For those individuals who have reached the status of high-net-worth investors, keeping what you have achieved and avoiding major market downturns becomes more important than maximizing return. Their performance goal may be to offset the impact of inflation and taxes, but manage the risk of losing money. Retirees also tend to focus on capital preservation versus return, particularly when chasing higher returns comes with the risk of a 20-50% bear market loss at a time when they have limited options to rebuild their portfolio.
Most investors don't have the luxury of knowing they are adequately funded to make it through retirement and need their invested capital to grow in value. But these investors often find it hard to buy and hold through market volatility and the emotional impact of bear market losses or ongoing negative media coverage. A low-cost index fund with its market volatility may not be an appropriate investment. Adding a layer of financial management can mean the difference between growing assets and failing.
Many individuals invest with the objective of generating income. Appreciation or losses in the current value of the underlying investment are not as important as the income stream it provides.
There are investments that offer the ability to reduce current tax liability through depreciation or expenses that can be recovered later, typically through a sale of the asset. Other investments may offer the potential to convert short-term gains to long-term capital gains, resulting in more favorable tax treatment.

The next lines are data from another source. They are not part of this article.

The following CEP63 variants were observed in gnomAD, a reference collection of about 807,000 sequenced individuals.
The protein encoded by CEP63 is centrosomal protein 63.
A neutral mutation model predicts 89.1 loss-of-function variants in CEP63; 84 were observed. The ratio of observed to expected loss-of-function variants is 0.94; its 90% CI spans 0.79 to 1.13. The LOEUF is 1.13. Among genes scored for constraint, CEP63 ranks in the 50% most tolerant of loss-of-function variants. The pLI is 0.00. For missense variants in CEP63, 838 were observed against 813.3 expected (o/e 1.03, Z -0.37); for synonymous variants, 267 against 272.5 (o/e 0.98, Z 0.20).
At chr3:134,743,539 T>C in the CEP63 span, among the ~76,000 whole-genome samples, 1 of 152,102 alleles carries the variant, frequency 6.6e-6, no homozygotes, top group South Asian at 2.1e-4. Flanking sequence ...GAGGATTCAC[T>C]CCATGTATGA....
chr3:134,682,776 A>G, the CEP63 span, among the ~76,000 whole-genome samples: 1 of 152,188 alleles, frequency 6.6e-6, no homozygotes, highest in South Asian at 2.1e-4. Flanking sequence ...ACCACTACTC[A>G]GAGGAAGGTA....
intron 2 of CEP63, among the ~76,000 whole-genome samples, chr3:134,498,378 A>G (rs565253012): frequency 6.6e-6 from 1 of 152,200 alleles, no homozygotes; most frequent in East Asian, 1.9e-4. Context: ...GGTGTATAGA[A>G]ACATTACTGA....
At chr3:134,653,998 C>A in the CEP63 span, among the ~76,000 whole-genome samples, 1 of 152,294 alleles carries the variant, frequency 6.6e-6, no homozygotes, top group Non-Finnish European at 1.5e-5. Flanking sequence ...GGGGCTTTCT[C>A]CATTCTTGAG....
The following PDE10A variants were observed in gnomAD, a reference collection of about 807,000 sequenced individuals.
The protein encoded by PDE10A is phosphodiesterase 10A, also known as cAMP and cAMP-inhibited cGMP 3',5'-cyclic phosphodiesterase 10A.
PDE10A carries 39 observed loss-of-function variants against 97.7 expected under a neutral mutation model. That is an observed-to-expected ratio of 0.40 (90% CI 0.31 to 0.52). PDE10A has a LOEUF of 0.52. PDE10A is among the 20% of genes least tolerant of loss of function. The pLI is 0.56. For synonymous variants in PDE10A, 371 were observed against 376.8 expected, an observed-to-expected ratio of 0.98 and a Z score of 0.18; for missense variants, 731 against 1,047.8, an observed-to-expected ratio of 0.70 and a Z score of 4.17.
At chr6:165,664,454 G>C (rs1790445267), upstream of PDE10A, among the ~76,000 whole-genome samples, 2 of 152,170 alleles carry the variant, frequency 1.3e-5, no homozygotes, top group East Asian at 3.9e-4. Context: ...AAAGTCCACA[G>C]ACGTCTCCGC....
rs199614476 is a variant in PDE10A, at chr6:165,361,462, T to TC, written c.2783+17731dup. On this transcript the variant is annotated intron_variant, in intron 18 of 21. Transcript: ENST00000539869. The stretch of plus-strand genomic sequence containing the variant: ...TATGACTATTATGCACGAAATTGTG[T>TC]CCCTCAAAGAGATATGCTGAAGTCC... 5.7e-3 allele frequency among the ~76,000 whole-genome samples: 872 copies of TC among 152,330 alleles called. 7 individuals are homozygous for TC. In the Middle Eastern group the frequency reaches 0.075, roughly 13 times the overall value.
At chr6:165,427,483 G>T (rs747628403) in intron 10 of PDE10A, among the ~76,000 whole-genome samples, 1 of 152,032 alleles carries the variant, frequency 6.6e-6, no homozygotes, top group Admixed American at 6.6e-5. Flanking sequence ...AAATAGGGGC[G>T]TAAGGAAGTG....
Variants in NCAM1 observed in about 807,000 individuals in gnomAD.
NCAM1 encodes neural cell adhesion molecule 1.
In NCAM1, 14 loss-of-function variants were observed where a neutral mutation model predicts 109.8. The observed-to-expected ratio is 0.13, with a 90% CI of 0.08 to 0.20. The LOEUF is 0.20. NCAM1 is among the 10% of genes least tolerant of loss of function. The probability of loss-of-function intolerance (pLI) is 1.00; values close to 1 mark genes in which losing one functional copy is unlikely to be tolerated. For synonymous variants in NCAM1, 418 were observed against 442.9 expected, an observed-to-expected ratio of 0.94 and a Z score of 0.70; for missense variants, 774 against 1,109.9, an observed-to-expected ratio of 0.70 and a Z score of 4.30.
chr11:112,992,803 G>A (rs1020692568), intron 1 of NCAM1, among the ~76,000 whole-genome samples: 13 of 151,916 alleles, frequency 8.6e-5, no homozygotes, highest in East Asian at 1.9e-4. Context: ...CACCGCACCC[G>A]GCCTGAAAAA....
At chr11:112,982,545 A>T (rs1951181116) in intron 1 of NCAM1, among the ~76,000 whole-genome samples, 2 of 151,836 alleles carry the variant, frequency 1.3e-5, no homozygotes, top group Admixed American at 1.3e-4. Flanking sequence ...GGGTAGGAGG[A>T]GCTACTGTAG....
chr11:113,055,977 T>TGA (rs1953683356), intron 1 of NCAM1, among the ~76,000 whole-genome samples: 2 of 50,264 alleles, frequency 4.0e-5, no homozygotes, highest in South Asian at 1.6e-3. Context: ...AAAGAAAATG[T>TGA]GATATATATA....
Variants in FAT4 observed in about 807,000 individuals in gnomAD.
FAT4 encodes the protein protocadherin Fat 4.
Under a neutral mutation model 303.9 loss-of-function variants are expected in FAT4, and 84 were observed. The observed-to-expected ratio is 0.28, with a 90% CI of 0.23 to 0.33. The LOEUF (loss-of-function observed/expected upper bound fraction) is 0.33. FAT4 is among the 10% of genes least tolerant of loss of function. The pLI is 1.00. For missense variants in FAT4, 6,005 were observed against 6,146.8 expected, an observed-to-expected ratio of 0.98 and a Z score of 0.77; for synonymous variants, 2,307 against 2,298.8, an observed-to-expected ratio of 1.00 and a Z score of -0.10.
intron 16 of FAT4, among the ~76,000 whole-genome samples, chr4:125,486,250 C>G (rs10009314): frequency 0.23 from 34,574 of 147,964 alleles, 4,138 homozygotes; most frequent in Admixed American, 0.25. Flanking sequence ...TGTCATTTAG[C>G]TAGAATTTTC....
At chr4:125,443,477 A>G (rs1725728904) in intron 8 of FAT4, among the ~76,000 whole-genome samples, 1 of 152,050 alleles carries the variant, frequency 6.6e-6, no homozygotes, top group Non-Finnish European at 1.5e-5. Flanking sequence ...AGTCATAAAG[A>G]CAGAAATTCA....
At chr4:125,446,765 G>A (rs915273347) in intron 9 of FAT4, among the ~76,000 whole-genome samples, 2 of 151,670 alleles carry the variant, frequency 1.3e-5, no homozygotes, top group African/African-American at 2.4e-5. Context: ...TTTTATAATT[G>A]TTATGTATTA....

When an investor anticipates a near-term need for cash, liquidity may dominate his or her investment objective. A successful investment becomes one that provides a modest return, but is available when needed and less vulnerable to declines in value.
In each of these objectives, it is unlikely the investor will equal or outperform the S&P 500 index. But that doesn't make the investment unsuccessful. Passive one-size-fits-all investment approaches may well be one of the most dangerous bandwagons the financial media has ever jumped on. There is very much a place for investment advice shaped to the needs of the investor. We would argue good investment advice is well worth the fee it costs when it allows investors to meet their objectives. Risk must always be a consideration in the investment decision.
The $5 Trillion Pension Problem
One of the big unknowns bearing down on the U.S. will be the impact of underfunded state and local government pension plans. On a national basis, public pensions are short an estimated $5 trillion of the funds they need to meet future obligations according to the Actuarial Standards Board's Pension Task Force. Under current practices, the public pensions industry maintains the deficit is merely a $1-3 trillion number. Based on current standards, the states with the worst underfunding as of 2015 data are:
- New Jersey – 37% funded
- Kentucky – 40% funded
- Illinois – 40% funded
- Connecticut - 49% funded
- Pennsylvania – 56% funded
- South Carolina – 58% funded